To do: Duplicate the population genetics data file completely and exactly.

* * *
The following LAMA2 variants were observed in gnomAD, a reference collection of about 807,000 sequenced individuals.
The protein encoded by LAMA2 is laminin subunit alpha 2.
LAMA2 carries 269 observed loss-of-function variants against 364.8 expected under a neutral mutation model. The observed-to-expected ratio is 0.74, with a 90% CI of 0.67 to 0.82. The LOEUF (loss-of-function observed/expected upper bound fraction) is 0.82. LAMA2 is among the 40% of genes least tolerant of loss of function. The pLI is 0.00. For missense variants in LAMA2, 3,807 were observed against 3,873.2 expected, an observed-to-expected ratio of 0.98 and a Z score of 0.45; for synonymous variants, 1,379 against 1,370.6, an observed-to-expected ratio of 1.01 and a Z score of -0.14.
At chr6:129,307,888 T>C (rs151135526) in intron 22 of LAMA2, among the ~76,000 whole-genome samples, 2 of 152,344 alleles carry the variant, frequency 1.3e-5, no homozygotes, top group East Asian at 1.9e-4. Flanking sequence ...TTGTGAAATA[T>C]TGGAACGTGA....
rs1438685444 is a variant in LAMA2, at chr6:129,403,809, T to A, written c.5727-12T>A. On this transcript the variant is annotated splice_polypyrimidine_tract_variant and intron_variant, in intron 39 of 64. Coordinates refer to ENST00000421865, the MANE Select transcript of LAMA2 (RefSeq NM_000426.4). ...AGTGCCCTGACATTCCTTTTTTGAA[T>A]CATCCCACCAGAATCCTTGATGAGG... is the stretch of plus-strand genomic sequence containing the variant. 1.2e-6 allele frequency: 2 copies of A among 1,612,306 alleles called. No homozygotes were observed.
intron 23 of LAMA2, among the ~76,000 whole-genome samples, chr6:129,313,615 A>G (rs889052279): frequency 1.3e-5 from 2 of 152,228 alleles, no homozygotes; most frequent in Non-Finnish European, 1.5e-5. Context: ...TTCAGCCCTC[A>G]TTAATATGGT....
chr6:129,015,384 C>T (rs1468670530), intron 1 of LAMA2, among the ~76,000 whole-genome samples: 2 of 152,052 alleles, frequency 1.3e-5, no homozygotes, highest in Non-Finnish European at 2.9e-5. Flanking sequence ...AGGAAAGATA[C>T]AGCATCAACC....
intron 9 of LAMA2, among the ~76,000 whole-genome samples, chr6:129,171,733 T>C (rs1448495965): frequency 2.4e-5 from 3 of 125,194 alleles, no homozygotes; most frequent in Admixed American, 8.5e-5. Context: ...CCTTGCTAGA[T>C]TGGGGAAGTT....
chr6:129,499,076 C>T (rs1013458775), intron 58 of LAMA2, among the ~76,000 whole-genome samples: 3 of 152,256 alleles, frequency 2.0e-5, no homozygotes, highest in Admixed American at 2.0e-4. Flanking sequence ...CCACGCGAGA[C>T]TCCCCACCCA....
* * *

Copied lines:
The following LAMA2 variants were observed in gnomAD, a reference collection of about 807,000 sequenced individuals.
The protein encoded by LAMA2 is laminin subunit alpha 2.
LAMA2 carries 269 observed loss-of-function variants against 364.8 expected under a neutral mutation model. The observed-to-expected ratio is 0.74, with a 90% CI of 0.67 to 0.82. The LOEUF (loss-of-function observed/expected upper bound fraction) is 0.82. LAMA2 is among the 40% of genes least tolerant of loss of function. The pLI is 0.00. For missense variants in LAMA2, 3,807 were observed against 3,873.2 expected, an observed-to-expected ratio of 0.98 and a Z score of 0.45; for synonymous variants, 1,379 against 1,370.6, an observed-to-expected ratio of 1.01 and a Z score of -0.14.
At chr6:129,307,888 T>C (rs151135526) in intron 22 of LAMA2, among the ~76,000 whole-genome samples, 2 of 152,344 alleles carry the variant, frequency 1.3e-5, no homozygotes, top group East Asian at 1.9e-4. Flanking sequence ...TTGTGAAATA[T>C]TGGAACGTGA....
rs1438685444 is a variant in LAMA2, at chr6:129,403,809, T to A, written c.5727-12T>A. On this transcript the variant is annotated splice_polypyrimidine_tract_variant and intron_variant, in intron 39 of 64. Coordinates refer to ENST00000421865, the MANE Select transcript of LAMA2 (RefSeq NM_000426.4). ...AGTGCCCTGACATTCCTTTTTTGAA[T>A]CATCCCACCAGAATCCTTGATGAGG... is the stretch of plus-strand genomic sequence containing the variant. 1.2e-6 allele frequency: 2 copies of A among 1,612,306 alleles called. No homozygotes were observed.
intron 23 of LAMA2, among the ~76,000 whole-genome samples, chr6:129,313,615 A>G (rs889052279): frequency 1.3e-5 from 2 of 152,228 alleles, no homozygotes; most frequent in Non-Finnish European, 1.5e-5. Context: ...TTCAGCCCTC[A>G]TTAATATGGT....
chr6:129,015,384 C>T (rs1468670530), intron 1 of LAMA2, among the ~76,000 whole-genome samples: 2 of 152,052 alleles, frequency 1.3e-5, no homozygotes, highest in Non-Finnish European at 2.9e-5. Flanking sequence ...AGGAAAGATA[C>T]AGCATCAACC....
intron 9 of LAMA2, among the ~76,000 whole-genome samples, chr6:129,171,733 T>C (rs1448495965): frequency 2.4e-5 from 3 of 125,194 alleles, no homozygotes; most frequent in Admixed American, 8.5e-5. Context: ...CCTTGCTAGA[T>C]TGGGGAAGTT....
chr6:129,499,076 C>T (rs1013458775), intron 58 of LAMA2, among the ~76,000 whole-genome samples: 3 of 152,256 alleles, frequency 2.0e-5, no homozygotes, highest in Admixed American at 2.0e-4. Flanking sequence ...CCACGCGAGA[C>T]TCCCCACCCA....